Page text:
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TeamTalk advises shareholders to reject takeover offer

Thursday 23 March 2017 09:22 AM

TeamTalk advises shareholders to reject Spark's 'opportunistic' takeover offer

By Tina Morrison

March 23 (BusinessDesk) - TeamTalk has advised its shareholders to reject a "hostile and opportunistic" takeover offer by Spark New Zealand, saying the price is below an independent valuation and seeks to take advantage of a low point in its shares.

Auckland-based Spark, New Zealand's biggest telecommunications group, has offered 80 cents per share for TeamTalk, a 78 percent premium to where TeamTalk shares traded before Spark announced its intentions in February. However Wellington-based TeamTalk said today that a report by independent adviser Grant Samuel & Associates found the underlying value of TeamTalk is between $1.52 to $2.11 per share, prompting its directors to unanimously recommend shareholders reject the offer.

“TeamTalk’s directors did not encourage or solicit Spark’s offer. From the outset, we saw Spark’s offer as a hostile and opportunistic attempt to exploit a low point in TeamTalk’s recent trading history and before TeamTalk’s shareholders benefited from the turnaround strategy underway," said TeamTalk chair Roger Sowry. "The Grant Samuel report validates our earlier assessment that Spark’s offer is woefully inadequate. The Spark offer fails to reflect the value of TeamTalk’s new strategy, strong leadership and forecast growth as demonstrated in our recent results announcement, nor does it attribute any value to the significant synergies and strategic benefits that Spark would capture in the unlikely event their offer were to succeed.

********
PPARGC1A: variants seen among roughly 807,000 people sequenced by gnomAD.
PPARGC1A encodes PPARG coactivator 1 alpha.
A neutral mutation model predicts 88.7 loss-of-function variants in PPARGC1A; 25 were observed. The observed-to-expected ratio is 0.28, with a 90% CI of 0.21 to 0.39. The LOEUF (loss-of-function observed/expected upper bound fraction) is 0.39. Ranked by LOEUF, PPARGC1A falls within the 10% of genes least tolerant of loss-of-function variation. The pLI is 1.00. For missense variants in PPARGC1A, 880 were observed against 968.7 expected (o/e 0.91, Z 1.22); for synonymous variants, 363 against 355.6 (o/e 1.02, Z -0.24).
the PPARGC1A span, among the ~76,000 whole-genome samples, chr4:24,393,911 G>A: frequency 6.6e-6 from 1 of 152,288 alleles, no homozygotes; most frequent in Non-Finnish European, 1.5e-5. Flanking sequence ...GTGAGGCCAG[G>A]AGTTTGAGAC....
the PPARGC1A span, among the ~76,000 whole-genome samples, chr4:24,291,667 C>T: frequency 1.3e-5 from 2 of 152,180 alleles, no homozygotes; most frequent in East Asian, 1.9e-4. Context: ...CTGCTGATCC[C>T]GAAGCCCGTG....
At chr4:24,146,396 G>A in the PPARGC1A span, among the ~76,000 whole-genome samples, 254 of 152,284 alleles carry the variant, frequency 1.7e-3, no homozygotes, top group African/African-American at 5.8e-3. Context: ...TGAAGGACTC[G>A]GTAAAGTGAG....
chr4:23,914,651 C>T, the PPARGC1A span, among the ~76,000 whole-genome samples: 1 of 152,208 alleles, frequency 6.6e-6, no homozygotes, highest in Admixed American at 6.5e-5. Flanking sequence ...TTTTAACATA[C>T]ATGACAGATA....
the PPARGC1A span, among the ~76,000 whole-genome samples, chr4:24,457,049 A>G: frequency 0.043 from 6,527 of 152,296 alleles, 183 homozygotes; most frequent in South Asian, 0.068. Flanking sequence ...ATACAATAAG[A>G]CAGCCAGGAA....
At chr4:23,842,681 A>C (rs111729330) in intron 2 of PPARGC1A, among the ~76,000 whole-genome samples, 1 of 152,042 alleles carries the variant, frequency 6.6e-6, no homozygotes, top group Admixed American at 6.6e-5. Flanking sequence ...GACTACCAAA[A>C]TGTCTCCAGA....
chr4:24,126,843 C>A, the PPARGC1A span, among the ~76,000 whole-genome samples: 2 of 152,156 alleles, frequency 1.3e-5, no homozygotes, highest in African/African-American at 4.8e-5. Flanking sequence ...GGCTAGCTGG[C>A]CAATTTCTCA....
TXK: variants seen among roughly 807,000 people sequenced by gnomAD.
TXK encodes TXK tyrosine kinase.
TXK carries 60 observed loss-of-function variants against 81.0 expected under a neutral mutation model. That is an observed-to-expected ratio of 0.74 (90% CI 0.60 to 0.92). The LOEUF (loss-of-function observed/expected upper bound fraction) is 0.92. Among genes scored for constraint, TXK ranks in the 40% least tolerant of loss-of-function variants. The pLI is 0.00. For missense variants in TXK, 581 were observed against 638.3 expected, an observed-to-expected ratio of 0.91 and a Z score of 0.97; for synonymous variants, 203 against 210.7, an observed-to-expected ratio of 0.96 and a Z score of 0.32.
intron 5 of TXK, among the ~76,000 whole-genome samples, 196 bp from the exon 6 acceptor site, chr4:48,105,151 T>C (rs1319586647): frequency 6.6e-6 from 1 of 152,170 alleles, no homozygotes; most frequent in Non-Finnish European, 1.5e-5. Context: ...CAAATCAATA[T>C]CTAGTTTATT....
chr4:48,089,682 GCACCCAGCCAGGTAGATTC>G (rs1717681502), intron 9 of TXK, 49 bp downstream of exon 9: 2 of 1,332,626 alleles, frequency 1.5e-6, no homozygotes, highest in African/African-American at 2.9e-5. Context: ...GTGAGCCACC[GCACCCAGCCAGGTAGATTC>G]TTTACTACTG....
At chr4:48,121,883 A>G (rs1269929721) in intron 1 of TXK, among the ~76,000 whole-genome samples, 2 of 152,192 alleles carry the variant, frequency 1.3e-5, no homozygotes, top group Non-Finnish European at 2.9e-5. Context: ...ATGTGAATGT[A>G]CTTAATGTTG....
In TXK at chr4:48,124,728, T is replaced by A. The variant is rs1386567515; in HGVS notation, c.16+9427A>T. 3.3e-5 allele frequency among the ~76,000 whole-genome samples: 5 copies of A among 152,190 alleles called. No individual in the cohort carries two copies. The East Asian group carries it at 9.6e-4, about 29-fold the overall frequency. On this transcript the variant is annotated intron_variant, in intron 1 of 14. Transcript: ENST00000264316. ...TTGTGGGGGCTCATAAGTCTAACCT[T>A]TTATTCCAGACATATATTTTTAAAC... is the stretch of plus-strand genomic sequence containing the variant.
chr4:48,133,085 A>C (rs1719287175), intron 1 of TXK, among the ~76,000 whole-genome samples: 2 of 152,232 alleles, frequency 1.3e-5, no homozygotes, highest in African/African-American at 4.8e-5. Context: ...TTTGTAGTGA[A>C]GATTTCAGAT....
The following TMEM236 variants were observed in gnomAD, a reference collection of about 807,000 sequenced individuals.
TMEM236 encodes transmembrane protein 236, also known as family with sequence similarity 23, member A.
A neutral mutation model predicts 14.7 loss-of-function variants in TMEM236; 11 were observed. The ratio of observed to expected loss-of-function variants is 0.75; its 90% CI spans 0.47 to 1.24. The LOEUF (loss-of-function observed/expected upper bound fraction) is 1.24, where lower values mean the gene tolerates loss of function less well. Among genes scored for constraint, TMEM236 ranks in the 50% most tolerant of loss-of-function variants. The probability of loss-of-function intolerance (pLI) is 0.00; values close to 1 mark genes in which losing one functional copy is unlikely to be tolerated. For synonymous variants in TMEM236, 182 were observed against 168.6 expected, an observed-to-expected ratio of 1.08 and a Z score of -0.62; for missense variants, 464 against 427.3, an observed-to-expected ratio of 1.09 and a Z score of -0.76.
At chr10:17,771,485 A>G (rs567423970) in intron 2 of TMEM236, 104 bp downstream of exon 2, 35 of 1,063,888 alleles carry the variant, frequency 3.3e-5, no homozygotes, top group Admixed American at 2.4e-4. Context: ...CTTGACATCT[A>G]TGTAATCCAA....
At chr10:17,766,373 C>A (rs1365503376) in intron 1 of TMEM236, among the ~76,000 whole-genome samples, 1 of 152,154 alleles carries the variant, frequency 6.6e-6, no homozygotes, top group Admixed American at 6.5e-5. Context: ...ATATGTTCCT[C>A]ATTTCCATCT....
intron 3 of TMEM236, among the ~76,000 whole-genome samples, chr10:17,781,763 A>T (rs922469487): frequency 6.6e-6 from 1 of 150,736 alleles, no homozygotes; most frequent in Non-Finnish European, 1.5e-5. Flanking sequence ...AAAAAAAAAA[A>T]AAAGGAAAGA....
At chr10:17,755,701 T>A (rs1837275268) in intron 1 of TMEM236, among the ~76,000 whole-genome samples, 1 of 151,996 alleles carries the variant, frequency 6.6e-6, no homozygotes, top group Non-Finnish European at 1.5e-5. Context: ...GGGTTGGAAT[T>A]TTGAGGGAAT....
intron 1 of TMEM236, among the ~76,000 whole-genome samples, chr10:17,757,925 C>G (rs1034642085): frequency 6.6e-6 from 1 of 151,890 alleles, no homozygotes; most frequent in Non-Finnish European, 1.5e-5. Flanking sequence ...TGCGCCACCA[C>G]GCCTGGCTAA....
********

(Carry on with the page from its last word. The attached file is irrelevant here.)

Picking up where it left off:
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"It is an attempt to gain control of TeamTalk’s strategic assets for significantly less than the company’s fair value."

Spark's bid came at a time when New Zealand's rapidly changing telecommunications market created headwinds for TeamTalk, resulting in a series of earnings downgrades as margins have come under increasing pressure. Spark has previously signalled a desire to reduce its reliance on network operator Chorus's regulated copper lines and talked up the opportunities wireless broadband offers to grow the budget end of the market. A takeover of TeamTalk would give Spark ownership of fibre in Wellington and a wireless rural internet service provider.

“Spark’s predatory offer has been tactically made before the company and its shareholders could benefit from the turnaround strategy implemented late last year," said TeamTalk chief executive Andrew Miller. "It is an attempt to exploit the challenges the company faced during 2016. Those challenges have now largely been addressed and TeamTalk is profitable again."

"Were Spark to succeed, TeamTalk’s shareholders would be denied the long-term benefits of the investment made in the company’s turnaround," Miller said. "In return for a possible one-time 80 cents per share, shareholders would forgo any future dividends and hand control to Spark at a huge discount."

TeamTalk shares last traded at 78 cents, valuing the company at $22.1 million. Spark's offer values the company at $22.7 million.



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